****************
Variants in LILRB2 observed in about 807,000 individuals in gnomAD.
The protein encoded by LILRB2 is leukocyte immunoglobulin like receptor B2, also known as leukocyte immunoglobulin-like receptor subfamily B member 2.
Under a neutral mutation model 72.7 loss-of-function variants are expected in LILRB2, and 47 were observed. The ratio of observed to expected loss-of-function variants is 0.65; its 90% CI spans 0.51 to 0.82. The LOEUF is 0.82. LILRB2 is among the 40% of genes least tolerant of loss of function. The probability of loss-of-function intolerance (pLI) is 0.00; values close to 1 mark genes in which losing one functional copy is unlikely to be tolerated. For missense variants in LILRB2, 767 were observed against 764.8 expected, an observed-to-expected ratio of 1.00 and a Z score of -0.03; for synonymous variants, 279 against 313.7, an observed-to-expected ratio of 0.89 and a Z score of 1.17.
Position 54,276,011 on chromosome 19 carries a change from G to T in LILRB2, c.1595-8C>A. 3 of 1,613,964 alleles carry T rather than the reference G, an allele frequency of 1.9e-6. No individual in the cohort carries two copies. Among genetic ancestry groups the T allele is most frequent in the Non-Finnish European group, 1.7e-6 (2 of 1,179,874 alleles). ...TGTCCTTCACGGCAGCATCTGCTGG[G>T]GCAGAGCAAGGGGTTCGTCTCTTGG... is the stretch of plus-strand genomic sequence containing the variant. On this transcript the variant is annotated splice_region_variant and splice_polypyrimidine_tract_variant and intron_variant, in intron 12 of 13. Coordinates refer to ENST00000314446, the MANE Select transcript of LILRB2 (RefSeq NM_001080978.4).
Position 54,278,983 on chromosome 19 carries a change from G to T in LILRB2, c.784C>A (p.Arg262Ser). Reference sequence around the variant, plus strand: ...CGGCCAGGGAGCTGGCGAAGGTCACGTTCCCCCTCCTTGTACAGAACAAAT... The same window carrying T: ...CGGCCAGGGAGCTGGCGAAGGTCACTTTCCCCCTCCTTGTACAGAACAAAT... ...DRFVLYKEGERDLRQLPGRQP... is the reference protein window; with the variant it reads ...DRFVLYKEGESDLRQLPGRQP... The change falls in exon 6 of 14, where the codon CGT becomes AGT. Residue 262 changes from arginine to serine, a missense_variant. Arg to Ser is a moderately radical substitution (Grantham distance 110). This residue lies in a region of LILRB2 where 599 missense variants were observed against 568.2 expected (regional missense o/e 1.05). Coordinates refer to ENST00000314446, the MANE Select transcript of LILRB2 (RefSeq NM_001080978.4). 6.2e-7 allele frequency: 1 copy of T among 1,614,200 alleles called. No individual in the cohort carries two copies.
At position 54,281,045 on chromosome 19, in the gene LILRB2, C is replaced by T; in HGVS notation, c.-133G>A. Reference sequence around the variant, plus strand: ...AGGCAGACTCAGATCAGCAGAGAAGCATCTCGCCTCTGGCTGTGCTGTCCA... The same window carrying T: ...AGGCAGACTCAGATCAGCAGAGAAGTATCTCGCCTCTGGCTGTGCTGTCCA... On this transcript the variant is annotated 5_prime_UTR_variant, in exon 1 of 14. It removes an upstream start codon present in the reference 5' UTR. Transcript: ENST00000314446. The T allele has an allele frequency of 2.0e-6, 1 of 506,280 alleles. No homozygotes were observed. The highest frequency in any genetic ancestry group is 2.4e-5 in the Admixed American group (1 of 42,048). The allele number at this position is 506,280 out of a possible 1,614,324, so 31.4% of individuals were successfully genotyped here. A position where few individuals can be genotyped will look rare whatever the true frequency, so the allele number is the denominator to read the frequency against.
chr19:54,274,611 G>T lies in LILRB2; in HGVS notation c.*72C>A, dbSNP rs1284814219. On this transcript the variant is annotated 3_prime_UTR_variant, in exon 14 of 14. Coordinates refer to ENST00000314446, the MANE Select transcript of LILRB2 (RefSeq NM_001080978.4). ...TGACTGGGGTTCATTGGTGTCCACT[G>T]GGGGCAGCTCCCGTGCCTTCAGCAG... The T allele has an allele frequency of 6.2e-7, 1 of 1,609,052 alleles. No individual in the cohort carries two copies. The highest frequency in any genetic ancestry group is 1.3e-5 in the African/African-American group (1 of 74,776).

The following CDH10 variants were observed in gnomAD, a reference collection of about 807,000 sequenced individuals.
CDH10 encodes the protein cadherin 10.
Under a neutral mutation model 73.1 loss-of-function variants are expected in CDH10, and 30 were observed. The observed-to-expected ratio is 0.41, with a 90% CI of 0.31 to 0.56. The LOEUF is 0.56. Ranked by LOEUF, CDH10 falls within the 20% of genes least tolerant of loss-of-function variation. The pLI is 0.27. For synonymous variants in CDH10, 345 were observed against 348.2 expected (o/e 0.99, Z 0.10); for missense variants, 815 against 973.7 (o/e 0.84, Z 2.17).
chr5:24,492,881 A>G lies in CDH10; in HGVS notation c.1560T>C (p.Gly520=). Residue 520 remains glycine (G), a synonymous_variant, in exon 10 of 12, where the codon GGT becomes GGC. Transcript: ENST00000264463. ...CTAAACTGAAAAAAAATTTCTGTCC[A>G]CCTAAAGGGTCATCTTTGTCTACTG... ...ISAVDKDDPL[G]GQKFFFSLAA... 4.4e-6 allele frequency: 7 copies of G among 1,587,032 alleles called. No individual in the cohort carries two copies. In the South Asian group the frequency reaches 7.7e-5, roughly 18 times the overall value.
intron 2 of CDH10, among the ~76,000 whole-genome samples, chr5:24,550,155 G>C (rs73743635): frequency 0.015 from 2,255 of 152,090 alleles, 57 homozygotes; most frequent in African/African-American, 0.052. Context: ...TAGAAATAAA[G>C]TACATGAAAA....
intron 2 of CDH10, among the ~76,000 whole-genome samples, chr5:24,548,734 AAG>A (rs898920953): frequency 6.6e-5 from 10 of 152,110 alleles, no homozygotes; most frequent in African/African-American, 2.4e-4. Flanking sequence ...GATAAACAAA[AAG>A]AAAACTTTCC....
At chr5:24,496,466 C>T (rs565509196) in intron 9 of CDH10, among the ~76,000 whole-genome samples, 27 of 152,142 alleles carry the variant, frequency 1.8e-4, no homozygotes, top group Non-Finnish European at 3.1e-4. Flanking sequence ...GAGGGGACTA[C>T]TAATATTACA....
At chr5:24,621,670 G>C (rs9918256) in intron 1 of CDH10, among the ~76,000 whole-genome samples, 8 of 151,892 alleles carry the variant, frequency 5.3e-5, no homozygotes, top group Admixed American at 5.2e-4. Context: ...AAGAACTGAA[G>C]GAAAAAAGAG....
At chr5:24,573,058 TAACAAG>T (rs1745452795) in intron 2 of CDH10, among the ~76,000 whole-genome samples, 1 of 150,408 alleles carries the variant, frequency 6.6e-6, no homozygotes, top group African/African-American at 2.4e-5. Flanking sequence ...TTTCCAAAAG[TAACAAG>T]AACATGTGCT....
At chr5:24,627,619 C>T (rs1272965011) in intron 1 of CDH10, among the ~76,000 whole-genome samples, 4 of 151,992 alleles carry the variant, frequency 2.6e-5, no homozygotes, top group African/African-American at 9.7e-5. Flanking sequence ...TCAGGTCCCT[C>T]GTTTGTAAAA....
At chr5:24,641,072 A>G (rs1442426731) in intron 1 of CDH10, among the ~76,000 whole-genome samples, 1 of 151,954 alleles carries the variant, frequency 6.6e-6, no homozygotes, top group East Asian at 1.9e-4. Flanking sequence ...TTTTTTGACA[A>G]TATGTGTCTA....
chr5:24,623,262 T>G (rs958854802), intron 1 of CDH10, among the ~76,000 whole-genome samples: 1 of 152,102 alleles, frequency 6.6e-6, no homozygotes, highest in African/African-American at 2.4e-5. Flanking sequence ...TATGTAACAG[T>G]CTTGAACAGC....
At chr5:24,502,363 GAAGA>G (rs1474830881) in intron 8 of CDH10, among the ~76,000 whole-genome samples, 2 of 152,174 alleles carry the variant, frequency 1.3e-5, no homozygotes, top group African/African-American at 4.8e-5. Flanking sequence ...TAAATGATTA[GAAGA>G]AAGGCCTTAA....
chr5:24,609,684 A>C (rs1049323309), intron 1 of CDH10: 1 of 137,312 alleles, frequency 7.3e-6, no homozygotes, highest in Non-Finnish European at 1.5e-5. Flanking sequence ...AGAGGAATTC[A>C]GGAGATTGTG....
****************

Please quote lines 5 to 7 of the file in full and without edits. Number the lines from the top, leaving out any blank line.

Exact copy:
Position 54,278,983 on chromosome 19 carries a change from G to T in LILRB2, c.784C>A (p.Arg262Ser). Reference sequence around the variant, plus strand: ...CGGCCAGGGAGCTGGCGAAGGTCACGTTCCCCCTCCTTGTACAGAACAAAT... The same window carrying T: ...CGGCCAGGGAGCTGGCGAAGGTCACTTTCCCCCTCCTTGTACAGAACAAAT... ...DRFVLYKEGERDLRQLPGRQP... is the reference protein window; with the variant it reads ...DRFVLYKEGESDLRQLPGRQP... The change falls in exon 6 of 14, where the codon CGT becomes AGT. Residue 262 changes from arginine to serine, a missense_variant. Arg to Ser is a moderately radical substitution (Grantham distance 110). This residue lies in a region of LILRB2 where 599 missense variants were observed against 568.2 expected (regional missense o/e 1.05). Coordinates refer to ENST00000314446, the MANE Select transcript of LILRB2 (RefSeq NM_001080978.4). 6.2e-7 allele frequency: 1 copy of T among 1,614,200 alleles called. No individual in the cohort carries two copies.
At position 54,281,045 on chromosome 19, in the gene LILRB2, C is replaced by T; in HGVS notation, c.-133G>A. Reference sequence around the variant, plus strand: ...AGGCAGACTCAGATCAGCAGAGAAGCATCTCGCCTCTGGCTGTGCTGTCCA... The same window carrying T: ...AGGCAGACTCAGATCAGCAGAGAAGTATCTCGCCTCTGGCTGTGCTGTCCA... On this transcript the variant is annotated 5_prime_UTR_variant, in exon 1 of 14. It removes an upstream start codon present in the reference 5' UTR. Transcript: ENST00000314446. The T allele has an allele frequency of 2.0e-6, 1 of 506,280 alleles. No homozygotes were observed. The highest frequency in any genetic ancestry group is 2.4e-5 in the Admixed American group (1 of 42,048). The allele number at this position is 506,280 out of a possible 1,614,324, so 31.4% of individuals were successfully genotyped here. A position where few individuals can be genotyped will look rare whatever the true frequency, so the allele number is the denominator to read the frequency against.
chr19:54,274,611 G>T lies in LILRB2; in HGVS notation c.*72C>A, dbSNP rs1284814219. On this transcript the variant is annotated 3_prime_UTR_variant, in exon 14 of 14. Coordinates refer to ENST00000314446, the MANE Select transcript of LILRB2 (RefSeq NM_001080978.4). ...TGACTGGGGTTCATTGGTGTCCACT[G>T]GGGGCAGCTCCCGTGCCTTCAGCAG... The T allele has an allele frequency of 6.2e-7, 1 of 1,609,052 alleles. No individual in the cohort carries two copies. The highest frequency in any genetic ancestry group is 1.3e-5 in the African/African-American group (1 of 74,776).